Maybe you have some sort of error right here so let’s check in the logcat to see what’s going wrong with our application. Whenever something goes wrong we can go to logcat as I’m doing and find the actual line of code that’s causing problems. Right here we have some errors in our binary XML file. That’s great because we haven’t finished writing this class and we are already using it right here. If we select this and comment on this or delete it for a moment, and run the app again, we will see if it is solved.

I am installing the app and as you can see it’s solved and as I was telling you this white thing which will be our paint view will occupy 90% percent of the whole screen height, and the remaining 10% remaining will be occupied by the bottom bar. That’s what I wanted to show you as a quick thing right here, and now we can uncomment this again.

We have to keep in mind that before running the app we have to end right in this class. To write this class, we will continue to be using the init method. We will get the height and the width of the metrics we are passing right here. To do that, we’ve got to say int height will be set to metrics.heightPixels, but this will return the whole height of the device which we don’t really want. We want 90% of the entire height of the device, so we can multiply this with 0.9 that way we can get the 90%. We will cast this to double. As you can see it says method cast it to double. Cast to int actually. From double to int. If we cast it to int then everything works. We also want to get that width. The width doesn’t change so we’re going to say int width. We’ll say, the metrics.widthPixels as you can see right here. Now we have our height and our width which is great and we want to create our bitmap.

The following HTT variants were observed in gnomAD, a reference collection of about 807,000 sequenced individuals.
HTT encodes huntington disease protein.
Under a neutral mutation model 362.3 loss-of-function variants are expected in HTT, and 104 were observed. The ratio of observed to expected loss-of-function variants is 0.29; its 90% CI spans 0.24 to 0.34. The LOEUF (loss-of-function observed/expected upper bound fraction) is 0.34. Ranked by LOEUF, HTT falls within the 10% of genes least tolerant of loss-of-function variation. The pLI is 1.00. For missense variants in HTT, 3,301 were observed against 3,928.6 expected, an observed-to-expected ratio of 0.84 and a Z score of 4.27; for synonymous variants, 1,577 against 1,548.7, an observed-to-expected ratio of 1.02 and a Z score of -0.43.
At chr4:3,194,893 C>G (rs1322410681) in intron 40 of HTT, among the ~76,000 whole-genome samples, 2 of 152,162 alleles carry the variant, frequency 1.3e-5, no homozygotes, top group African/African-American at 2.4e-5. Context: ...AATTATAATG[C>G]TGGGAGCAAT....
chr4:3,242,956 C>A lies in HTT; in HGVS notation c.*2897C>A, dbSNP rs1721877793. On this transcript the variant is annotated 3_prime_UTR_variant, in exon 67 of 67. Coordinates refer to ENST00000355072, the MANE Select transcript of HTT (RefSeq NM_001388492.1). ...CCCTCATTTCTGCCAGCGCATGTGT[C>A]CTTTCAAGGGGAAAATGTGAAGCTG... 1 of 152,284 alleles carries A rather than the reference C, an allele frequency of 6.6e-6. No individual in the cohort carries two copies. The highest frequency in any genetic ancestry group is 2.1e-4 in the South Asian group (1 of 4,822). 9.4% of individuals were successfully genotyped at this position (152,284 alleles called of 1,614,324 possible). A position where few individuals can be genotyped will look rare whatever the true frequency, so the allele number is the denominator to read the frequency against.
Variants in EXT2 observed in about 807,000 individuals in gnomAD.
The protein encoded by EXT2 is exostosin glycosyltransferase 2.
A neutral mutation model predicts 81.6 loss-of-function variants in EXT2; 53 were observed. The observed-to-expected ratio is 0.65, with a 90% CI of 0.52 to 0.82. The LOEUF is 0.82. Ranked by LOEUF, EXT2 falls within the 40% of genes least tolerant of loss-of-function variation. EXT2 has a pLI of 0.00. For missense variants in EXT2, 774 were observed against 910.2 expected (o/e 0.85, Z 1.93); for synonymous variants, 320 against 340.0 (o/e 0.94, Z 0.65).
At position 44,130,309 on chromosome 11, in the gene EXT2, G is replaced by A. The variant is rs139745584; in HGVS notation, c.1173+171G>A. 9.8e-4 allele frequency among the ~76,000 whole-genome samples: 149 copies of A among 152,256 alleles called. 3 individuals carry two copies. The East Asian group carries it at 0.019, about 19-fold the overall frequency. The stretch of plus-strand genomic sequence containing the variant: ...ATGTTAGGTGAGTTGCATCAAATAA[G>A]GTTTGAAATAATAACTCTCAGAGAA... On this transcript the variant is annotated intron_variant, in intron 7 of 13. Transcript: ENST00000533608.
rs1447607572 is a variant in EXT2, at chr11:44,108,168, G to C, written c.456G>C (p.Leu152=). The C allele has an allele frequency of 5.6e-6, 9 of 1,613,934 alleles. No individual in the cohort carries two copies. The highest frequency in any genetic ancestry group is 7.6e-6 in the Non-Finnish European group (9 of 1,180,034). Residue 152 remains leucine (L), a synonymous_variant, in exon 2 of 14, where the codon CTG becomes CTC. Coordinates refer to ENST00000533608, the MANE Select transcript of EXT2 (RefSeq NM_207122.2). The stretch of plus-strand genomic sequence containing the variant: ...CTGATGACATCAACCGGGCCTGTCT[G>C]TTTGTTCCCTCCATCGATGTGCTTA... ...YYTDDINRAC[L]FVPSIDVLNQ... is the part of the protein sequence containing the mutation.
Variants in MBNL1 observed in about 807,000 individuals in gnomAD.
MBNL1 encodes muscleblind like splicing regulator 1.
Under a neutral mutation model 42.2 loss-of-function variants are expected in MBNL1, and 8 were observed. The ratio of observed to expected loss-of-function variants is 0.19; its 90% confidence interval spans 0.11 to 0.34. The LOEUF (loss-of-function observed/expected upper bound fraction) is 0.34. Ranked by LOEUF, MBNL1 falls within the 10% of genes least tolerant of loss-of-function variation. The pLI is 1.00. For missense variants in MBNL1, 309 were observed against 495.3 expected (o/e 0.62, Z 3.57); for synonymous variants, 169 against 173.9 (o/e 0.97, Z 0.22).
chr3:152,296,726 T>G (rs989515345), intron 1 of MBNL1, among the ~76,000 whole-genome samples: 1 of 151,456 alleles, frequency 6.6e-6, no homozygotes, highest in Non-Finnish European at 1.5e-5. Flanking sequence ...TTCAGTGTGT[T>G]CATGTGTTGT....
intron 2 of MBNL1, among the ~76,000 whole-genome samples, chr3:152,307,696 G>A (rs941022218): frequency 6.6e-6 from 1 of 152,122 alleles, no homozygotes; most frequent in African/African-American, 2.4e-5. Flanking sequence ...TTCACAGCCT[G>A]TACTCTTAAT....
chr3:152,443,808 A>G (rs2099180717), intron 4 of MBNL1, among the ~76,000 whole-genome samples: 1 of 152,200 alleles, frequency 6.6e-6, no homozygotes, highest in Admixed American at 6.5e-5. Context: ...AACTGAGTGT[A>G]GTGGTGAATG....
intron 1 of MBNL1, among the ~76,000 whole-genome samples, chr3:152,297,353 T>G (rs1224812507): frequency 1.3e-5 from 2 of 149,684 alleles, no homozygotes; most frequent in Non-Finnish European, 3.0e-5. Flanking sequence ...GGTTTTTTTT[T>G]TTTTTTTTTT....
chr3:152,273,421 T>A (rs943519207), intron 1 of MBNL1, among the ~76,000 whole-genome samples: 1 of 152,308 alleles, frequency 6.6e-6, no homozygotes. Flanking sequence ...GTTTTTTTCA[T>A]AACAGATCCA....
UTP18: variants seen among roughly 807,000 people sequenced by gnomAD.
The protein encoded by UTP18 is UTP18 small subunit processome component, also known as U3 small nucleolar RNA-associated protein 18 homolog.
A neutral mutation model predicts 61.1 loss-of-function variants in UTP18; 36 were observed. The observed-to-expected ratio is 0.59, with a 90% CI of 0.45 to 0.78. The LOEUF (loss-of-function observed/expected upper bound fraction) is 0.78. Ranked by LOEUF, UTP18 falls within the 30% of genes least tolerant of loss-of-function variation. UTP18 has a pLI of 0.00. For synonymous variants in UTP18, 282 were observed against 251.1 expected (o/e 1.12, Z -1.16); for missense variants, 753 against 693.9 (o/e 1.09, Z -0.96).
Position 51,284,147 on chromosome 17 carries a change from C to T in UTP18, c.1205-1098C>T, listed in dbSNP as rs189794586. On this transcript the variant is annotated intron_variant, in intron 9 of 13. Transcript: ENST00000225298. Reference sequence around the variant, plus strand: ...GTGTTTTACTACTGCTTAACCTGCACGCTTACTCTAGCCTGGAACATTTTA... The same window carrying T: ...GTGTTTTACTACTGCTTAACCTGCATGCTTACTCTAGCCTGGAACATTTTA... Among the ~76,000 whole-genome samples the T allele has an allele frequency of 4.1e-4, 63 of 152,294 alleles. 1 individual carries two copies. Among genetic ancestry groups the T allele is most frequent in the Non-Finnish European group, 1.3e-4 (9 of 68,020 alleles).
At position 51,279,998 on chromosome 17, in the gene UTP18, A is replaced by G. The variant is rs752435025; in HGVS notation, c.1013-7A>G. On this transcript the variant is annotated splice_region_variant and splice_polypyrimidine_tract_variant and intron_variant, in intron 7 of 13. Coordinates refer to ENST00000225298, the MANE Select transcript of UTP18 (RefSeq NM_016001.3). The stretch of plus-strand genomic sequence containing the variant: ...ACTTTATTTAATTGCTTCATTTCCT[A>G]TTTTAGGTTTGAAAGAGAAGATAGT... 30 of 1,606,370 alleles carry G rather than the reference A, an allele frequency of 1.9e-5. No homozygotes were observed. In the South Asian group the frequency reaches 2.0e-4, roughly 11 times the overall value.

So a bitmap will enable us to store the information of our canvas where we draw our stuff. We will create our bitmap and we will access it and initialize it.

We’re going to say bitmap, I will call it mBitmap, for example, and I will set this object to Bitmap.createBitmap, and we will pass the parameters. First we will pass width, then we’ll pass height, then we will pass the configuration of our bitmap. We want it  to be able to display colors. For that, the most useful configuration is Bitmap.config.ARGB_8888. Right now we have set up our bitmap and we also want to set up our canvas. I will call this mCanvas and I will set this up to a new canvas and I will create a new canvas with the bitmap I set up previously. I will pass mBitmap which is great. We have created our canvas with our bitmap.